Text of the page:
Amazon founder Jeff Bezos looked excited and cheerful as he handed out food to a group of journalists at the launch site of his New Shepard space rocket in west Texas on Monday afternoon while joking with a reporter who asked if it was "his last meal." Bezos sportingly responded, "Did somebody say last meal?" as he set out the food on a table.
Bezos is due to take off in his Blue Origin rocket for an 11-minute rocket-powered trip to space in the first crewed flight of his rocket ship on Tuesday.
Bezos on a High
On Monday, Bezos was on a high as he served food to the media at the launch site of his New Shepard space rocket in west Texas. He will be travelling to space on Tuesday with his brother Mark Bezos, 82-year-old space pioneer Wally Funk, and 18-year-old student Oliver Daeman.
The "last meal" joke began during the lunch. As one reporter asked if it was the "last meal," Bezos jokingly said, "I don't think you have to put it that way!"
"Let's talk about it in a different way!" he quipped and the hall broke out in laughter. Understandably, Bezos wants to make the entire voyage eventful and impress the media.
In an interview with crewmembers 24 hours before liftoff, Bezos addressed questions about the ship's safety during an interview to CNN. "I could have done this flight as CEO of Amazon and it would have been fine. We really believe this flight is safe. I did have friends say, "why not wait for the second or third flight, why do you have to go now?"
"But we know the vehicle is safe and if it's not safe for me then it's not safe for anyone. But we've taken this one step at a time, our mascot is the tortoise... we are ready."
Ready to Fly
Blue Origin will take off from Launch Site One in Van Horn, Texas, before rising to 66 miles above Earth in a roundtrip that will take just 10 minutes in total. The capsule that they will be traveling in has the biggest windows flown into space.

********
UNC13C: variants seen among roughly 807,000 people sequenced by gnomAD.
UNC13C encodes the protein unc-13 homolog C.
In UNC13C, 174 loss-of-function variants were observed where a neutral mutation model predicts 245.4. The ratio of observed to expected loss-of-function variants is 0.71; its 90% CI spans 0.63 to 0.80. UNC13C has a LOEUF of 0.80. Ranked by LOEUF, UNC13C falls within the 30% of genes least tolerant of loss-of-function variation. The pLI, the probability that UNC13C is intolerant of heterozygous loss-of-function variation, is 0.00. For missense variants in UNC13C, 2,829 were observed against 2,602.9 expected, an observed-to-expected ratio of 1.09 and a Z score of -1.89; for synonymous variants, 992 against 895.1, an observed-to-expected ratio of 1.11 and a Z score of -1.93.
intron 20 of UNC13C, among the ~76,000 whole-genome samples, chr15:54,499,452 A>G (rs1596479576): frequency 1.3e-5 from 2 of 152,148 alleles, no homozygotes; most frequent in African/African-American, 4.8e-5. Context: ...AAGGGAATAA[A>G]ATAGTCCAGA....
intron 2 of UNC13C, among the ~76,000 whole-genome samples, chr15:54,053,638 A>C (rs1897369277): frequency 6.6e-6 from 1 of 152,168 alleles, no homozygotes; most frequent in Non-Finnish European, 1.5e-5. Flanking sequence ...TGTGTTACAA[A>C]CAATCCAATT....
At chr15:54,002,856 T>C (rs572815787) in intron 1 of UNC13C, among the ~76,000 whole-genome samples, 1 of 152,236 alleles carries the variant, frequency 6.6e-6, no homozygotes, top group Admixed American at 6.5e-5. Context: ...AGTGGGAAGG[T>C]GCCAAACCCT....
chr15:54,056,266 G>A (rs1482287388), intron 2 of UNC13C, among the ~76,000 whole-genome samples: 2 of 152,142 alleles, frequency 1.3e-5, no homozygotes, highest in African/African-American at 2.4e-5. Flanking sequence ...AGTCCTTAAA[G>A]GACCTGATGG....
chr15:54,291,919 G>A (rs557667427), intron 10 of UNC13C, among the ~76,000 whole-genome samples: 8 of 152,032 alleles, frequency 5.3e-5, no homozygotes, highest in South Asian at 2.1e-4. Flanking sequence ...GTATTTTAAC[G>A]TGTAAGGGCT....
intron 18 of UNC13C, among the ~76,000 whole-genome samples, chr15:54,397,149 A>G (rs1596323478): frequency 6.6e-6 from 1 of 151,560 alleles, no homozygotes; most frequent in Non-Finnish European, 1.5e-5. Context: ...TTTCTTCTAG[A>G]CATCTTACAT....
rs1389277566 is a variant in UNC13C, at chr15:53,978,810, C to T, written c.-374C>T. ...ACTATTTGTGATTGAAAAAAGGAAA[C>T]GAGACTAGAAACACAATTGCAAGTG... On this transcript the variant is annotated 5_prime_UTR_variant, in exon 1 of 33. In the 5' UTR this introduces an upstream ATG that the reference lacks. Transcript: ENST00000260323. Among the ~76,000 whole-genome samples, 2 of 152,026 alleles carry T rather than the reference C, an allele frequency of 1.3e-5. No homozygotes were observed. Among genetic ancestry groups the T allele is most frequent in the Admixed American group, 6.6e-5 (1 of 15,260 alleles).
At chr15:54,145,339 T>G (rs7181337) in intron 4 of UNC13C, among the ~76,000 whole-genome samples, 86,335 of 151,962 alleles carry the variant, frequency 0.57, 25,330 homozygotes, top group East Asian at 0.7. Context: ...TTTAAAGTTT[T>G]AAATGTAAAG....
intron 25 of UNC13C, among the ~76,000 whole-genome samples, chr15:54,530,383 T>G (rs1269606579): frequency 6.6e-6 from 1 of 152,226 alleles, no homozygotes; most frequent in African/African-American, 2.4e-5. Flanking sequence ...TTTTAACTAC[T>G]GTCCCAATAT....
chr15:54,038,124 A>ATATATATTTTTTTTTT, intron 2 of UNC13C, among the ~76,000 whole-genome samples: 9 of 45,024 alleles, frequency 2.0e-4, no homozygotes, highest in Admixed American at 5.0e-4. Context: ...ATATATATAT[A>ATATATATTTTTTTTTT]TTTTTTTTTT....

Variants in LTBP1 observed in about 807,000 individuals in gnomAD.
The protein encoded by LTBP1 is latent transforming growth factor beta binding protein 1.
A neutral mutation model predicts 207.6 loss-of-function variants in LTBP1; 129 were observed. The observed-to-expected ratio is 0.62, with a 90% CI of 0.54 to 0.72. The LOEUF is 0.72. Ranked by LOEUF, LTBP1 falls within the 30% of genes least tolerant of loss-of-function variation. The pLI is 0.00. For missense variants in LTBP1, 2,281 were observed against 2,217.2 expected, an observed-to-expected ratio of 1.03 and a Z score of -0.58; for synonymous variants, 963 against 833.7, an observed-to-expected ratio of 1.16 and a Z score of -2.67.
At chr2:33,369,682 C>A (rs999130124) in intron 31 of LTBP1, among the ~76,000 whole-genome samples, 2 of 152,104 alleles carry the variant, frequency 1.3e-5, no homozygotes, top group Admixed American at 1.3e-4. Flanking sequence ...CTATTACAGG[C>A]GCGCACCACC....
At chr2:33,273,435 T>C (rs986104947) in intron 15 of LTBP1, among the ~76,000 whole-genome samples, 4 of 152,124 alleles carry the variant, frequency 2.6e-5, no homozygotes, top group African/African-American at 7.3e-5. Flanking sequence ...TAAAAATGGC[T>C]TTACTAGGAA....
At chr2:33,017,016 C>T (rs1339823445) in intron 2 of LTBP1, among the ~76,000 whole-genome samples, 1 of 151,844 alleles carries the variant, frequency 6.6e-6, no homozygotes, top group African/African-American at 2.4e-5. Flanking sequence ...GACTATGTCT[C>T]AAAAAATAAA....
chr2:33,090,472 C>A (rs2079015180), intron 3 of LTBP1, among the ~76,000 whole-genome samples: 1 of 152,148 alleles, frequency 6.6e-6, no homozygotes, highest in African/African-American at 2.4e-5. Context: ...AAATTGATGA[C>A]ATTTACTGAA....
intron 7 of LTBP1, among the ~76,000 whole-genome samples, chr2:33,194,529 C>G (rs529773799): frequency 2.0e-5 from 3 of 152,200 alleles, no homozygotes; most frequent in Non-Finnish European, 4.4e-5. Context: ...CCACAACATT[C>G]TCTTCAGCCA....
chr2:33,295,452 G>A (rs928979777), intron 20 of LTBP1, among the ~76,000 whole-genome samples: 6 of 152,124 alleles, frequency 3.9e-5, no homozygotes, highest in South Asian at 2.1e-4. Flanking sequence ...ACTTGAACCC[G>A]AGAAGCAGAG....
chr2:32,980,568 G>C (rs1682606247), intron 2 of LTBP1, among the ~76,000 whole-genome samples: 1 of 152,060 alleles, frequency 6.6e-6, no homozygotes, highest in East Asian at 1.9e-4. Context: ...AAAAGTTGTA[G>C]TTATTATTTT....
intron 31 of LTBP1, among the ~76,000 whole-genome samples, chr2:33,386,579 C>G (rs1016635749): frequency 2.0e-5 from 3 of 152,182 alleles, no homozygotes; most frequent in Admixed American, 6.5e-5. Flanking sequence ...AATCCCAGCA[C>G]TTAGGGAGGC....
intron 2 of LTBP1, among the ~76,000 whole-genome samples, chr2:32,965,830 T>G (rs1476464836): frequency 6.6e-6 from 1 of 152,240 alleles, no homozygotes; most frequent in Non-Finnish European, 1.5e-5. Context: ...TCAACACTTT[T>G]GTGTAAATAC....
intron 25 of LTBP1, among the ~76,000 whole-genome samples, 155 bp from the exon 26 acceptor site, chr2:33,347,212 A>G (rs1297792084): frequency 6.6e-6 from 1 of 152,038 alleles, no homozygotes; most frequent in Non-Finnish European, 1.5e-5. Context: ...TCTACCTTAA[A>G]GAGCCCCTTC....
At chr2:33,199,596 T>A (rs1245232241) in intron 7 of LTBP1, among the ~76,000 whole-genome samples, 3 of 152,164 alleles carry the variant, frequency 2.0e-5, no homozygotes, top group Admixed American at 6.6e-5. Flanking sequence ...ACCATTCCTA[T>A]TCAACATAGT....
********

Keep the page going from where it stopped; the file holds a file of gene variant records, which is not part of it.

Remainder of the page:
However, the distance that Bezos will travel beats out Richard Branson's voyage to space on July 11, which only reached 53 miles above Earth. Bezos' flight is being termed as "joyrides for the wealthy" by many but the billionaire has an answer for his critics.
In his interview to CNN, Bezos was asked by Rachel Crane: "There has been a chorus of critics saying that these flights to space are just joyrides for the wealthy and that you should be spending your time and your money and energy trying to solve problems here on Earth. So what do you say to those critics?"
"Well, I say they're largely right. We have to do both," Bezos said. "We have lots of problems here and now on Earth and we need to work on those, and we always need to look to the future. We've always done that as a species, as a civilization. We have to do both."
It comes as Bezos, the richest person in the world, has faced increasing criticism at the staggering amount of his personal wealth.
That said, Bezos is more focus on his maiden space voyage as of now. On Monday, the crew appeared in their astronaut uniforms at Launch Site One in Van Horn, Texas, for a string of interviews where he said they were neither afraid nor nervous about the flight that would set a precedent for "commercial air travel."
Speaking to Good Morning America shortly afterwards, Bezos said the "real goal" was to establish reusable space vehicles that will take people to space "again and again" and allow the next generation to use space resources to improve life on Earth.